A lucky northeast Kansas lottery player nailed the Powerball jackpot on Nov. 19 to claim $92.9 million.
“The Kansas Lottery had the pleasure of making someone out there a little more thankful,” said Stephen Durrell, executive director of the Kansas Lottery. “Nothing makes us happier than giving away a big jackpot to our players.”
That followed by less than two weeks the giddy Powerball action leading to folks in California pocketing a $2.04 billion jackpot. Interest in Powerball, and the Mega Millions game, pushed Kansas lottery revenue to $35.5 million in November. That represented a 46% rise from $24.2 million in November 2021.
This transpired while Kansas sought to find its footing in the sports wagering world. Introduction of legal sports betting in Kansas resulted in monthly wagering on athletic events of $160.5 million in September, $189.9 million in October and $186.3 million in November. The three-month total: $536.7 million.
Those hefty numbers, fueled by promotional incentives lavished on sports bettors, were robust enough to raise questions about whether the advent of sports betting in Kansas would slice into consumer enthusiasm for the state’s routine casino gambling or lottery ticket sales.
Durrell said there would be a sorting out period in Kansas’ gambling and lottery sectors, but there was no evidence the traditional lottery or casino operations would collapse under the weight of sports books.
“They like to stay in their individual silos. They don’t typically cannibalize each other,” Durrell said.
The most recent statistics on legal sports gambling managed through the state’s four casinos in Dodge City, Pittsburg, Mulvane and Kansas City, Kansas, showed a leveling of sports wagering and an increase in net revenue and state tax collections from betting on athletics.
Net revenue from sports betting in Kansas climbed from $1.29 million in September to $1.43 million in October and to $8 million in November. In the initial three months of mobile, online and retail sports wagering in Kansas, the state’s piece of the action was $1 million. Eighty percent of that revenue must be deposited in a fund dedicated to helping attract another professional sports franchise to Kansas.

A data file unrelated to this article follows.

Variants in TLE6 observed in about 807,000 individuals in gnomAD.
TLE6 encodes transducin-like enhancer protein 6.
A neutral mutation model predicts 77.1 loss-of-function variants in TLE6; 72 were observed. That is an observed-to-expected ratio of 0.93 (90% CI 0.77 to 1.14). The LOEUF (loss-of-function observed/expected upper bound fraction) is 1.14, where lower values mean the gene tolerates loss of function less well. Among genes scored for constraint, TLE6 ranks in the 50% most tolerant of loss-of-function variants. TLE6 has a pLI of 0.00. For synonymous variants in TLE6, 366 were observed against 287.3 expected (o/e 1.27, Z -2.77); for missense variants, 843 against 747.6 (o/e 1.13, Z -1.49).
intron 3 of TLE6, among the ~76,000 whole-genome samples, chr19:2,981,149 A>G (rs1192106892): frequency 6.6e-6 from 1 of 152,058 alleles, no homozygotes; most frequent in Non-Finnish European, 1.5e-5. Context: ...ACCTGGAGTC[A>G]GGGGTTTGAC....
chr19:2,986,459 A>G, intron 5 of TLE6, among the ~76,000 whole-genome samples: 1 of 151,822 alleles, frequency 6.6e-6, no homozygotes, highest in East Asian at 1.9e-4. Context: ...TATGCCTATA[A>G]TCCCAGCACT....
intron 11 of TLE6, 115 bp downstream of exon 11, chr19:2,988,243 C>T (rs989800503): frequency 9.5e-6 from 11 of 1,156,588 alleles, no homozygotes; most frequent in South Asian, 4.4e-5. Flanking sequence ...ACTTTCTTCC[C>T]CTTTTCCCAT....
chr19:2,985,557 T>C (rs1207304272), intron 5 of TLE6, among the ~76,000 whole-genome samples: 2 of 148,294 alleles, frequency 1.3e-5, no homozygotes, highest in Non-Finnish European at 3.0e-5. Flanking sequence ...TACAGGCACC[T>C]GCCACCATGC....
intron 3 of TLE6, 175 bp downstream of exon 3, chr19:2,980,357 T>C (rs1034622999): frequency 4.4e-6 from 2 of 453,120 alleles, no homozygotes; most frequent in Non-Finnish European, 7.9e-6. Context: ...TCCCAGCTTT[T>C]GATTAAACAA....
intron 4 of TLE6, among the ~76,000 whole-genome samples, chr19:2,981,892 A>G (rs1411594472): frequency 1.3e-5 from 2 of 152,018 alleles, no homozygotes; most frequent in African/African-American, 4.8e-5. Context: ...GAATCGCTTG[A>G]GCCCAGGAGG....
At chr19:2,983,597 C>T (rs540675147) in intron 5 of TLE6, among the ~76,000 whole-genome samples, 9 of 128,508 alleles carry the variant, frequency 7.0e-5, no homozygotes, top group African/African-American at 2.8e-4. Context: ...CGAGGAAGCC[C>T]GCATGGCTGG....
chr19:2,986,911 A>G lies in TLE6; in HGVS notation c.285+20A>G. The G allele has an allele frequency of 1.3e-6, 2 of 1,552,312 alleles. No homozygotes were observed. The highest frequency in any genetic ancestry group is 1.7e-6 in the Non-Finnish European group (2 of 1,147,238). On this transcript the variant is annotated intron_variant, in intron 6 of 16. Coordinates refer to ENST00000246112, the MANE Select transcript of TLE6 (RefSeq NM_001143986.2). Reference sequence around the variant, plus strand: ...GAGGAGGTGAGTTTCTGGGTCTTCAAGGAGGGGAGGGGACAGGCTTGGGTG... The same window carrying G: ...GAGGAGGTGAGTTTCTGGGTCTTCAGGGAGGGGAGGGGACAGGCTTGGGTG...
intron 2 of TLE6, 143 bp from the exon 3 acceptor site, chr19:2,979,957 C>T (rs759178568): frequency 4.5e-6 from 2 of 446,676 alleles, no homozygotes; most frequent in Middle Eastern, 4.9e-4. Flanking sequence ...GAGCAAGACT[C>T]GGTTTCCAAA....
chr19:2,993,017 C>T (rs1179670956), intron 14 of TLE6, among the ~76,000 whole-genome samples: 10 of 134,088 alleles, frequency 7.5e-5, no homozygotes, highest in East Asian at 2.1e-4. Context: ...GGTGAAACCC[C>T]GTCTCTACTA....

The state’s share of sports gambling revenue was set at 10% in the bill approved by the 2023 Legislature and signed in May by Gov. Laura Kelly. There appears to be little interest in the Legislature for amending the law to increase the state’s tax on sports wagering revenue.
“No interest whatsoever,” said Kansas House Speaker-elect Dan Hawkins, a Republican from Wichita.
The Kansas law enabled sports betting companies tethered to the four casinos to deduct from taxable revenue the value of promotional subsidies used to build loyalty among sports gamblers. For example, promotional activities related to “free bets” at BetMGM in Kansas left it without net positive revenue for September, October and November. DraftKings and FanDuel reported net positive revenue in Kansas for the first time in November.
Standard gambling revenue from the four casinos was reported to be $33.7 million in September. However, October casino revenue dropped to $32.9 million. The revenue report for November showed a decline to $31.6 million.
In September, the Kansas Lottery documented ticket sales of $24.6 million. Ticket sales surged to $30.2 million in October. In November, interest in Powerball and Mega Millions pushed sales to $35.5 million in Kansas.
“Like any business, it’s going to have its ebbs and flows,” Durrell said. “We’re all curious to see what happens.”
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Story by Tim Carpenter via Kansas Reflector
Photo via Kansas Reflector: Gov. Laura Kelly, who signed a bill in May legalizing sports betting in Kansas, placed the state’s first bet in September on the Kansas City Chiefs. In three months, $536 million has been wagered in Kansas on sporting events. Kansas Lottery ticket sales surged in the period while revenue at the state’s four casinos declined.